I’m so pleased to see more people taking advantage of the potential of revisiting these wonderful old clocks as a new form of canvas, and I especially enjoy the ingenuity that this project shows in terms of making so much out of a meager budget. We’re working with a new artist for the next installment in our project, Zoe Friedman, who is a terrific artist working in intricate cut-outs and mixed media, and I’m definitely sending this along to her as an inspiration.

    Good stuff, and thanks for sharing it with us!

    – Joe Wall

    1. Nick Normal says:

      Thanks for your note Joe. I was not aware of Bell’s work (love her “Oracle” piece!), or of the Arts Tower and the projects there. Is the Tower publicly accessible? I plan to be in Baltimore in early April for the Kinetic Sculpture Race, and would love to pay a visit, to see the old mechanisms, the city from up high, and to see Zoe’s work if it is up then, or hear about how artists and makers find residency there. Such an intriguing prospect, if clocktowers and abandoned towers all across the country could join forces and have rotating artworks and projects for public art!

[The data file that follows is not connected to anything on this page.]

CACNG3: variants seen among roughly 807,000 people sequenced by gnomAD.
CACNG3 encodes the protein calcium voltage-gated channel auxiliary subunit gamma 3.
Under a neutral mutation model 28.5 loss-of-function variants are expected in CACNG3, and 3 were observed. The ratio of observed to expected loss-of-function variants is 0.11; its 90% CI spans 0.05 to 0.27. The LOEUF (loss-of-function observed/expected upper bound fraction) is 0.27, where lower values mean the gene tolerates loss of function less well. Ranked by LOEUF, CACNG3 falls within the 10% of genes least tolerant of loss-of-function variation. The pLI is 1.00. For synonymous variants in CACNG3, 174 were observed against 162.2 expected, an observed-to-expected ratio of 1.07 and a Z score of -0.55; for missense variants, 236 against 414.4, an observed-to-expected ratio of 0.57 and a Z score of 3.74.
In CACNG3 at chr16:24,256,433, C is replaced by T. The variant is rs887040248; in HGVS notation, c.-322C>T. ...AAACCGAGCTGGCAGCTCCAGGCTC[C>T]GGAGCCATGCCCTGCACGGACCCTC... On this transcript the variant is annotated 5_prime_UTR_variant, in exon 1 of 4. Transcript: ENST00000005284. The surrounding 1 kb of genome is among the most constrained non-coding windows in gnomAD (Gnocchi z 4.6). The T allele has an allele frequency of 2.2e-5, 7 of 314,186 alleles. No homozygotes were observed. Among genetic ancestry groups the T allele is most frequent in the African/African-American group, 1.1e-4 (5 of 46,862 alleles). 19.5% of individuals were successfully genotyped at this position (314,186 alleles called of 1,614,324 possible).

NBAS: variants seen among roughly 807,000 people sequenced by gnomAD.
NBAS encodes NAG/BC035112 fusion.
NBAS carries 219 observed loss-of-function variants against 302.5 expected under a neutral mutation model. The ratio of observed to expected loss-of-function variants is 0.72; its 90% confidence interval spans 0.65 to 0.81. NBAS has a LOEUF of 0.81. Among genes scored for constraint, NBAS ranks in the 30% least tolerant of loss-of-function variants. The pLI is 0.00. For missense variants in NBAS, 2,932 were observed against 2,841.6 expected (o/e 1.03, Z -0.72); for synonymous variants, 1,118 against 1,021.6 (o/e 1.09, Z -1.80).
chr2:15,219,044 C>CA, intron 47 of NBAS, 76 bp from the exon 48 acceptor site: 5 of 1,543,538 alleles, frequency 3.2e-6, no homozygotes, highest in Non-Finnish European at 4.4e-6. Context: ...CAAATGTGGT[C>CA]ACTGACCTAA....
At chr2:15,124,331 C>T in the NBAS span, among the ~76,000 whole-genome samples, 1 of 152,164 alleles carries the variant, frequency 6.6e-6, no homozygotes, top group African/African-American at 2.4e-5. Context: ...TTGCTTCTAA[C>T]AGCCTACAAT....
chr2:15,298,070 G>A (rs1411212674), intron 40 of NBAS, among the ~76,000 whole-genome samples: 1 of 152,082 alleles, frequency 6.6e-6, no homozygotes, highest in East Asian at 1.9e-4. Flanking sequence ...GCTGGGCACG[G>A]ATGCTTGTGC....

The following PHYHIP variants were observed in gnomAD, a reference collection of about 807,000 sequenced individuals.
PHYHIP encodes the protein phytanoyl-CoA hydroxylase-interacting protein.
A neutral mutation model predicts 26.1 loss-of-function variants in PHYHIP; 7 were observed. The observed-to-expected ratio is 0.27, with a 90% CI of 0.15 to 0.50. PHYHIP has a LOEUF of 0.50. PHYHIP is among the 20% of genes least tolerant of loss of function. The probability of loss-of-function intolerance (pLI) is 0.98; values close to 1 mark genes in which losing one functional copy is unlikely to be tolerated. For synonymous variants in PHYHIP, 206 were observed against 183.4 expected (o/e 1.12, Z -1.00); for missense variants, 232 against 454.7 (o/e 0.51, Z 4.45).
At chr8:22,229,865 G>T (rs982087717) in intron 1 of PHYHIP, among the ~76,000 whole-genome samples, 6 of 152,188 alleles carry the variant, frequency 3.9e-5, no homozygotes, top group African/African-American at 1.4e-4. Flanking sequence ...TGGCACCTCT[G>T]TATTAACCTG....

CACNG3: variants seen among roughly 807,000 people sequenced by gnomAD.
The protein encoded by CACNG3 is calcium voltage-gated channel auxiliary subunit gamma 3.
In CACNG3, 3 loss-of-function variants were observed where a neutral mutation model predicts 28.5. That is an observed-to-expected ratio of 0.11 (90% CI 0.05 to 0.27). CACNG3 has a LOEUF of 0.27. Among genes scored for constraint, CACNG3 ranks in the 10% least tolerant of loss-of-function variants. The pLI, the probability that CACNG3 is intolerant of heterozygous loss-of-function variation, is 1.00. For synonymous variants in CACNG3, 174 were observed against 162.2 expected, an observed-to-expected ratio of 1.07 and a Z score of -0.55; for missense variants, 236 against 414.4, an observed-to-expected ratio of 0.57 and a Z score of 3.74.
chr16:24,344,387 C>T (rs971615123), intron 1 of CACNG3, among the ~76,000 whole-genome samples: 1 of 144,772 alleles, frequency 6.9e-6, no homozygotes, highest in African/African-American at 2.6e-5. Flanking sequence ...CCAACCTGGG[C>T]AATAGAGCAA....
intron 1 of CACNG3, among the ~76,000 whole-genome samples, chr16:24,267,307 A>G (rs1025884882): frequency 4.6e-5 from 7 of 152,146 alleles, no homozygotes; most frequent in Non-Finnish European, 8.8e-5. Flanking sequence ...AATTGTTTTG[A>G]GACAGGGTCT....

I notice your tower also uses four IIIIs instead of IV for 4 – do you know was that the convention at the time? I’ve heard various reasons why this was the standard.


      1. Joe Belknap Wall says:

        Race day is May 5th this year, so don’t get here too early! I’m the official spiritual figurehead of the race, so you can easily track me down—just look for the bearded nun.